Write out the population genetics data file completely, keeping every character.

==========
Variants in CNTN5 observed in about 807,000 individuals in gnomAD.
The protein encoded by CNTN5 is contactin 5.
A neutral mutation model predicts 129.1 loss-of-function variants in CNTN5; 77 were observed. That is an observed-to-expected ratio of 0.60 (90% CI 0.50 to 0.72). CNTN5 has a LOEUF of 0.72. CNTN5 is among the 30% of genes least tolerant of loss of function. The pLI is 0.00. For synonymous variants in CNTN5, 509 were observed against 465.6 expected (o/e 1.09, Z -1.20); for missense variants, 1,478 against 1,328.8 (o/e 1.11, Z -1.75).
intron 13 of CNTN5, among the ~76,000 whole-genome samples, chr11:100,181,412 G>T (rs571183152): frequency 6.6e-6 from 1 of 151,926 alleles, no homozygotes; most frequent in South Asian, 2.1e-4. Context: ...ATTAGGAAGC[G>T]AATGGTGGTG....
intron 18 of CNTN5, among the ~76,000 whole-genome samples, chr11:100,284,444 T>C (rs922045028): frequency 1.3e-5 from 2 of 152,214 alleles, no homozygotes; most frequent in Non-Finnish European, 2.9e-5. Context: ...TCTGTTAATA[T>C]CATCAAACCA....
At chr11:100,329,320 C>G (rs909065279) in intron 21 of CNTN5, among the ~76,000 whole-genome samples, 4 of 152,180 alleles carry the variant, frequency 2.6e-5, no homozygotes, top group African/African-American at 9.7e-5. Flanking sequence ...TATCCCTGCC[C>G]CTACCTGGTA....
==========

Variants in CNTN5 observed in about 807,000 individuals in gnomAD.
The protein encoded by CNTN5 is contactin 5.
A neutral mutation model predicts 129.1 loss-of-function variants in CNTN5; 77 were observed. That is an observed-to-expected ratio of 0.60 (90% CI 0.50 to 0.72). CNTN5 has a LOEUF of 0.72. CNTN5 is among the 30% of genes least tolerant of loss of function. The pLI is 0.00. For synonymous variants in CNTN5, 509 were observed against 465.6 expected (o/e 1.09, Z -1.20); for missense variants, 1,478 against 1,328.8 (o/e 1.11, Z -1.75).
intron 13 of CNTN5, among the ~76,000 whole-genome samples, chr11:100,181,412 G>T (rs571183152): frequency 6.6e-6 from 1 of 151,926 alleles, no homozygotes; most frequent in South Asian, 2.1e-4. Context: ...ATTAGGAAGC[G>T]AATGGTGGTG....
intron 18 of CNTN5, among the ~76,000 whole-genome samples, chr11:100,284,444 T>C (rs922045028): frequency 1.3e-5 from 2 of 152,214 alleles, no homozygotes; most frequent in Non-Finnish European, 2.9e-5. Context: ...TCTGTTAATA[T>C]CATCAAACCA....
At chr11:100,329,320 C>G (rs909065279) in intron 21 of CNTN5, among the ~76,000 whole-genome samples, 4 of 152,180 alleles carry the variant, frequency 2.6e-5, no homozygotes, top group African/African-American at 9.7e-5. Flanking sequence ...TATCCCTGCC[C>G]CTACCTGGTA....